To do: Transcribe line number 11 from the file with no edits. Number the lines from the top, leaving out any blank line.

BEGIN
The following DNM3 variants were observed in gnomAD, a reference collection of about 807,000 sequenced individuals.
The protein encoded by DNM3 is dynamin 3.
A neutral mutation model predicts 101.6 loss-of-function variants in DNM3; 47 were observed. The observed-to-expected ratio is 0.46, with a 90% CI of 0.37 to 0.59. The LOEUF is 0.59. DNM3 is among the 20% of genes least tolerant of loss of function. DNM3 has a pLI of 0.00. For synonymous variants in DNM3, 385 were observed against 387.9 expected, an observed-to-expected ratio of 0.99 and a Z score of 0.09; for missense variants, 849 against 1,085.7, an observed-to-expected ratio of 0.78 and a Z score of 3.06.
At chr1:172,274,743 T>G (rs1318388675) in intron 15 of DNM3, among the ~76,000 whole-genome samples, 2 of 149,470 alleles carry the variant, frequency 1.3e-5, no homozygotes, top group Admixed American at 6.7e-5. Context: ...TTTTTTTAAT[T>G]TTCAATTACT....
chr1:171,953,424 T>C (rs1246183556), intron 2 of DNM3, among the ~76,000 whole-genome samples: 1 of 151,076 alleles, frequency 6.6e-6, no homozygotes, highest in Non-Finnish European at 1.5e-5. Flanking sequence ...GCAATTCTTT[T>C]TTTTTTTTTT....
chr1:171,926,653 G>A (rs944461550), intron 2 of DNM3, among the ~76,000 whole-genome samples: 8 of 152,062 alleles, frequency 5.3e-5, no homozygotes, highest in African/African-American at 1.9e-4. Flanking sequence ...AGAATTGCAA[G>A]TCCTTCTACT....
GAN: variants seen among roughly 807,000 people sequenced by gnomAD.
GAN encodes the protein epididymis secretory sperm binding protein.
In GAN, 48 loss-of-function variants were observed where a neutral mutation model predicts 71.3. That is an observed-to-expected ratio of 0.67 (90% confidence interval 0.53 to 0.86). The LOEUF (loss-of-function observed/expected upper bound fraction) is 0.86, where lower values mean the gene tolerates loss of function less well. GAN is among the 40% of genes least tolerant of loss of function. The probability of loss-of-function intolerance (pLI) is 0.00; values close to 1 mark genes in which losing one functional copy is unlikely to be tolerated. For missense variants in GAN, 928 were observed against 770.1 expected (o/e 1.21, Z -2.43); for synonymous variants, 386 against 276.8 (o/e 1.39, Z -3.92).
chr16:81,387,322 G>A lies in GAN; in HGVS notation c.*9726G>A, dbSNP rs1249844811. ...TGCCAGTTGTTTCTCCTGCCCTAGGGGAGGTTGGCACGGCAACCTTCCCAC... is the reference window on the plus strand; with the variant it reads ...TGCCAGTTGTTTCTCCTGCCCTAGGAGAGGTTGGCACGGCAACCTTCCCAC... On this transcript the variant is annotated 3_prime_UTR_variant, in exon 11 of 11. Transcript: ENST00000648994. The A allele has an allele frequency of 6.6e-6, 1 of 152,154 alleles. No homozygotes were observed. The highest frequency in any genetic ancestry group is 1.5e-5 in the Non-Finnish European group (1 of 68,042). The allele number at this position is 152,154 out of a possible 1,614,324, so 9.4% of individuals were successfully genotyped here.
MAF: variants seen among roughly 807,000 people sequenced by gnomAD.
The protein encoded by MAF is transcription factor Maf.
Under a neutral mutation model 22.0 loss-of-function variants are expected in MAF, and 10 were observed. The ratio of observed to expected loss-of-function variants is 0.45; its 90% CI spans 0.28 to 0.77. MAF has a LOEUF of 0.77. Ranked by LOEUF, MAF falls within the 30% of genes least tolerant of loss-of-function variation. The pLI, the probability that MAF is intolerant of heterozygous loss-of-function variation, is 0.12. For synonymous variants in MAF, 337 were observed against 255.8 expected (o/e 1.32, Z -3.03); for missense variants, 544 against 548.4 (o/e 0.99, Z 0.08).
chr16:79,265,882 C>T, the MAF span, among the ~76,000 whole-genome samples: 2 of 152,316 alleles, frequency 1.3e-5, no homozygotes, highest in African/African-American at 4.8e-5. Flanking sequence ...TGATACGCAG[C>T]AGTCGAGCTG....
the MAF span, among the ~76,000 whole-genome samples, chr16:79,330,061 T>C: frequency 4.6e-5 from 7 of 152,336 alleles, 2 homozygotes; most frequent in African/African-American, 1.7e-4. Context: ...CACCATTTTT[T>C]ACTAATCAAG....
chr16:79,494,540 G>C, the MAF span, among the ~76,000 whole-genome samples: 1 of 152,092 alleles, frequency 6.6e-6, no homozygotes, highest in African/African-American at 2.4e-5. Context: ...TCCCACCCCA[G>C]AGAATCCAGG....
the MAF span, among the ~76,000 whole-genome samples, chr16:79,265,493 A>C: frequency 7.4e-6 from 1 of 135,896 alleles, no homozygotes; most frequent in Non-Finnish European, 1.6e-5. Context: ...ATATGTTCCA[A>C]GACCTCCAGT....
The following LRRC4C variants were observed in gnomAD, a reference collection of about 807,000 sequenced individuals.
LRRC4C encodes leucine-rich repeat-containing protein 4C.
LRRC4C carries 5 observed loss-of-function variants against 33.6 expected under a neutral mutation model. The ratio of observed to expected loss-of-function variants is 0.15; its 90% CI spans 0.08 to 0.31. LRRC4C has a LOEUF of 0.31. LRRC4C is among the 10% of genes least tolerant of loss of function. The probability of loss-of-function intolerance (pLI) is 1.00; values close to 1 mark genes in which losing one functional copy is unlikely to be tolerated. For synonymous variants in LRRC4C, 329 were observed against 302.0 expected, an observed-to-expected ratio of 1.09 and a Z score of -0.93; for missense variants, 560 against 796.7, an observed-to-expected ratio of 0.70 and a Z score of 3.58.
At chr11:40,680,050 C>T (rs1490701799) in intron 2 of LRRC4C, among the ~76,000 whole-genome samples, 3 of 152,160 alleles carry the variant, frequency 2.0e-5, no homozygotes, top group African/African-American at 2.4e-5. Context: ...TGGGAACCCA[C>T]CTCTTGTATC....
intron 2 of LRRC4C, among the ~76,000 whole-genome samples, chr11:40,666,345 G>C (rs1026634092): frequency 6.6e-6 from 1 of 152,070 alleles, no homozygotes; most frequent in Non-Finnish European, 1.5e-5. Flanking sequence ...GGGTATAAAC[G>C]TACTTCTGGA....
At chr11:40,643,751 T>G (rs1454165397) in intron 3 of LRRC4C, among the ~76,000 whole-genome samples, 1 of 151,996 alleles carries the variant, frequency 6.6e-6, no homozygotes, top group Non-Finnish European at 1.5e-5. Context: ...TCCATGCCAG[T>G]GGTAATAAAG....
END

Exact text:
MAF: variants seen among roughly 807,000 people sequenced by gnomAD.